How did I get here?

How did I get here? Well, it all began when my wife decided that we should move, that is, buy another country house. That is, sell the one we have now – downsize – and buy another one. Not just any one but one she saw on the Internet.

 “We can’t afford ours anymore,” she complained. “We need something cheaper.”

We made an appointment one Saturday morning to meet the owner and walk through the house. We hopped in the car, threw a picnic in the trunk, and drove a half an hour from our place in Ste.-Sulpice-des Plaines to a beautiful valley with the Tannatock Mountains on one side and the American border on the other. Sharon had seen photos of the place: the house needed a lot of work but she believed that we could handle it. She had spoken to the owner and said he was charming. Otherwise, I knew nothing about him. There would be no intermediary, no real estate agent; he was selling privately.

The drive was beautiful and was augmented by the season. The last remaining leaves on the trees were a dark golden colour. One felt that one could see forever. The house itself seemed to be located in a forgotten land; the neighbouring properties were run-down or abandoned. A place where time stands still, I thought romantically, but it was also a bit scary. Will we ever see anyone? I wondered as we drove, as I gazed at farmland to my left and the silhouette of unmovable mountains to my right.

Finally, at the end of a dirt road, we stopped at the house. It had never been finished. Instead of side paneling  planked-in insulation greeted us, covered with plastic. The house was built on a crest of land bordered by a rushing river, its waters cascading downhill over giant boulders. On the other side of the road was a forested hillside.

I’m a city boy and the thought of living in so much Nature constricted my heart. Sharon loves nature and she gushed over the river. “Look at that!” she said over the sound of the rapids. “How lovely!”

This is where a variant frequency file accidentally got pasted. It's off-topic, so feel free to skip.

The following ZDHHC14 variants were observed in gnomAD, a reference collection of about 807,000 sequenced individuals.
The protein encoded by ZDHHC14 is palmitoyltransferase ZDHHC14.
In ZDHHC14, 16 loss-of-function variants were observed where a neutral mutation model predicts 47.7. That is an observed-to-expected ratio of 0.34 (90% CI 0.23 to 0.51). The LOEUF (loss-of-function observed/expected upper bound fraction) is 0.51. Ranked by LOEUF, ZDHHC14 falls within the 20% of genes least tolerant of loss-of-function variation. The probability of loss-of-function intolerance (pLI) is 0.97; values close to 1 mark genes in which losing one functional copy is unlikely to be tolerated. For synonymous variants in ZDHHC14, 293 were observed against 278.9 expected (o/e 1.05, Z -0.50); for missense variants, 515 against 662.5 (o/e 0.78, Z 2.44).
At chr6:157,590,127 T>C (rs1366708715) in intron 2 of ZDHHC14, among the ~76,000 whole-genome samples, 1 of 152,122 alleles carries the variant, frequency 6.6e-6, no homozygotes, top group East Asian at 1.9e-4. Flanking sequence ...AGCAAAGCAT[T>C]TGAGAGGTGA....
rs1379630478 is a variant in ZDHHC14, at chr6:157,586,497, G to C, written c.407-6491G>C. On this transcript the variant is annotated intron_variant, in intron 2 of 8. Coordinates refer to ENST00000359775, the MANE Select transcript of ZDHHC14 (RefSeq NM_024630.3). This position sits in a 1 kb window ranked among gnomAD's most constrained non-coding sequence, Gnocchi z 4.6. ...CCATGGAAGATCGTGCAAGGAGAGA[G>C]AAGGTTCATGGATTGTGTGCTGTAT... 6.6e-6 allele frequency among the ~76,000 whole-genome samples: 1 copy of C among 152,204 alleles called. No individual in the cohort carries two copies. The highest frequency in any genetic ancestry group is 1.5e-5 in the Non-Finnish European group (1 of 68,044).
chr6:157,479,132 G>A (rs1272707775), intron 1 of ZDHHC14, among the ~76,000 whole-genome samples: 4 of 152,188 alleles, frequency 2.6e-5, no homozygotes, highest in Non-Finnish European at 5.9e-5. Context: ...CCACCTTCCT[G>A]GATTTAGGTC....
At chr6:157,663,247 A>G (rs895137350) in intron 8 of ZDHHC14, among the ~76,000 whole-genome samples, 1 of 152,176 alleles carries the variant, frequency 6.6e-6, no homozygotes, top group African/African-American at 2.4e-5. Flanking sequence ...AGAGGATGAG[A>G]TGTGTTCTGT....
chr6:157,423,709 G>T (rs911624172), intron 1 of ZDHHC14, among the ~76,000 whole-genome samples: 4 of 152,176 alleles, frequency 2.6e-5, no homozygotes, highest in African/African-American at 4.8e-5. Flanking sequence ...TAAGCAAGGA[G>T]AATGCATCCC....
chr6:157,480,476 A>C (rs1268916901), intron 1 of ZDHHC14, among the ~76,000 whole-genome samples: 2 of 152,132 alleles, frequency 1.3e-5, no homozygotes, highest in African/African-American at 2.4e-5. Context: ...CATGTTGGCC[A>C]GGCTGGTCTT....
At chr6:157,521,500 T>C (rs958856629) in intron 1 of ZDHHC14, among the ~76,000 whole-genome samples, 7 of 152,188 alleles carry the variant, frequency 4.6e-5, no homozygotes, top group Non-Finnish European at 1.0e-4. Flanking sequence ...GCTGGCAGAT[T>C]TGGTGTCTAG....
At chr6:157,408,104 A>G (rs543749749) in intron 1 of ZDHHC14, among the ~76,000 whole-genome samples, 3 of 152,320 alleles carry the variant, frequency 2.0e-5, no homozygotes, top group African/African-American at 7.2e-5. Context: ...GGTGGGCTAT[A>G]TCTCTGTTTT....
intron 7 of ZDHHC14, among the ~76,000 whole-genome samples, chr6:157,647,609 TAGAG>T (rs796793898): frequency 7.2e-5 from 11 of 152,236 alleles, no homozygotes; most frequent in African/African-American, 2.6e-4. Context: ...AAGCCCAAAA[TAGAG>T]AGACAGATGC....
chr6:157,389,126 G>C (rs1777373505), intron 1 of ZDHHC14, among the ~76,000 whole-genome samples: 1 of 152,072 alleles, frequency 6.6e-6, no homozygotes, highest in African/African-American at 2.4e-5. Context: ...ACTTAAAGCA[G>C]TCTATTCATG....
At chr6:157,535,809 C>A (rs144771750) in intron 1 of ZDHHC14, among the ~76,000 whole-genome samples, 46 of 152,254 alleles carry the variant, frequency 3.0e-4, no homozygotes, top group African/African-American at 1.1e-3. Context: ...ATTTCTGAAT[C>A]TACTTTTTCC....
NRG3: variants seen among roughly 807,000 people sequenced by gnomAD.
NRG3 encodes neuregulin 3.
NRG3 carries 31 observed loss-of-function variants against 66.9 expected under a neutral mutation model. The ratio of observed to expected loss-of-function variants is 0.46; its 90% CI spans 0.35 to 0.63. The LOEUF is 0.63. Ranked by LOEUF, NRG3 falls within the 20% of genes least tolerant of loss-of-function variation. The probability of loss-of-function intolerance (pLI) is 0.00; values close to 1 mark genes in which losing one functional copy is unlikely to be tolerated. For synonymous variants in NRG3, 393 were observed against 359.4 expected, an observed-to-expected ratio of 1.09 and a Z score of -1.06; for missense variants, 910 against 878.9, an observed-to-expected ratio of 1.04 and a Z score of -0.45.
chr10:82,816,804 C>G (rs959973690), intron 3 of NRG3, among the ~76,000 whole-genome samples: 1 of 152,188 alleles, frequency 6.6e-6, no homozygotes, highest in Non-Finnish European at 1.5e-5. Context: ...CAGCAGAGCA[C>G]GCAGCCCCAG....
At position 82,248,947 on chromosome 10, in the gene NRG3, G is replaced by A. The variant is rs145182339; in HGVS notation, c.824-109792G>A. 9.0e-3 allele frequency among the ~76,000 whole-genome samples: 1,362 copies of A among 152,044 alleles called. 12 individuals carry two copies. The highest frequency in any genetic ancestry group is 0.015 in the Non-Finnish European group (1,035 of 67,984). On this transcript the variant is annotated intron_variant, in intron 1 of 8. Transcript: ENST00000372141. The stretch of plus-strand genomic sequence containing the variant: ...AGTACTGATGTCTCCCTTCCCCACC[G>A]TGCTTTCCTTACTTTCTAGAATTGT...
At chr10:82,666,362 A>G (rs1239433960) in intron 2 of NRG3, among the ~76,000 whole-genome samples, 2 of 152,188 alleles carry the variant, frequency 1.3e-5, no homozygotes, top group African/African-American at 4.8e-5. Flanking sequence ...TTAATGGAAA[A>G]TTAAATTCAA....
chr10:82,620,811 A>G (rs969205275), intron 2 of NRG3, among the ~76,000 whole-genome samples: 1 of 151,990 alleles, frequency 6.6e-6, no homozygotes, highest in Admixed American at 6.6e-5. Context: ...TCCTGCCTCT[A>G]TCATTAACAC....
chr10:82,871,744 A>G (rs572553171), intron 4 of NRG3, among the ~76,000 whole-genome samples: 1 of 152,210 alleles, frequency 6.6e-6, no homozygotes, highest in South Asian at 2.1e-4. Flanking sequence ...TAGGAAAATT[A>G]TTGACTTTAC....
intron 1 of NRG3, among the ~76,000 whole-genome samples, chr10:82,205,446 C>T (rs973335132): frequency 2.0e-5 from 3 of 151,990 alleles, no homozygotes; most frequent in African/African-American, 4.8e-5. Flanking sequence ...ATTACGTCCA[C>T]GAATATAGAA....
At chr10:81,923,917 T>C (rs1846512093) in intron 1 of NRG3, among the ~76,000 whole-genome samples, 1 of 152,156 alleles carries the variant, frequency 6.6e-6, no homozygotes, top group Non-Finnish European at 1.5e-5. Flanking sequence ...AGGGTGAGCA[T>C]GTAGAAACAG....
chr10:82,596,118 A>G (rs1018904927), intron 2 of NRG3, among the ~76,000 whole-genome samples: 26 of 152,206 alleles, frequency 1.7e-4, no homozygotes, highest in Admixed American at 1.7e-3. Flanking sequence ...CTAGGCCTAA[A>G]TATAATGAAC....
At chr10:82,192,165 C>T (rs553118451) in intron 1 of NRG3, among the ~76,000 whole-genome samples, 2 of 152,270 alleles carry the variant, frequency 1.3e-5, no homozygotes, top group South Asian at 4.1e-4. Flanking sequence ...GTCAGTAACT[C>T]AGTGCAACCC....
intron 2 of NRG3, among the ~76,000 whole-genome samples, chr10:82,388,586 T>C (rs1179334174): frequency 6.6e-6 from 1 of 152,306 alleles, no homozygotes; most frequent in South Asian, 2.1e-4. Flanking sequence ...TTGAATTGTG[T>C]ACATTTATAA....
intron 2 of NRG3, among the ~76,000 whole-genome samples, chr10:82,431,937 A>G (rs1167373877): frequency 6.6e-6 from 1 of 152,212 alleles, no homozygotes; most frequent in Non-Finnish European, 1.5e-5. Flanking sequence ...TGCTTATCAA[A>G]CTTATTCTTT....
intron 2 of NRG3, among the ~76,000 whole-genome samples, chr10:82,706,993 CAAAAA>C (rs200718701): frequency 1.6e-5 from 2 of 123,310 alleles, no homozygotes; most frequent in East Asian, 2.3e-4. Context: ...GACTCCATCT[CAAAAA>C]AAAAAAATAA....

We took our time getting to the front door. We ambled over the front “lawn”, a thin layer of sun-starved grass surrounding a large fire pit with immense unburnt logs spilling over its sides. The house’s owner, Stephan, lived in the big city now; he and his wife had run out of funds before the house could be finished and were unable to complete the project. It was unfinished inside and out, missing walls and some finished floors, among others. He seemed friendly enough though a bit edgy. “Oh no, don’t take photos of me,” he cried out in French when I started taking pictures of the place. “I’m a cinematographer but I don’t like to be in any photos.” Which I found a bit weird.

Everything was perfect from his point of view – the house, the location, the  house’s potential. I wasn’t so sure: the house plan was completely open – an albeit, cozy open space – where would I find the coveted privacy which I enjoy in my present-day residence? How to tell Sharon, who was enchanted with the prospect of renovating it and loved it as much as the owners, although for now she was keeping her cards close to her chest.

 A winding metal staircase painted orange took us upstairs to the loft above which would become our bedroom. The wooden beams of the unfinished ceiling stretched over us, planks and beams over exposed insulation. I looked down. There was no railing yet to protect one from falling onto the first floor. So much space – it began to give me a headache. Instead of letting Sharon notice any grievance I might have I just kept on taking pictures with her little camera, making sure the owner wasn’t in any of the shots. For his part, Stephan was a sensitive bundle of nervy information, pointing out details that he thought we might miss. He took us to every corner and nook and cranny to explain its advantages; it slowly dawned on me that as it was my wife who would be putting up the dough to buy the place, this might be ours for the next 15-20 years!

 So, as we got together afterwards for our picnic, we had that first conversation alone where a husband must decide whether to tell the truth or pretend otherwise.

How did I get here?



2 thoughts on “How did I get here?

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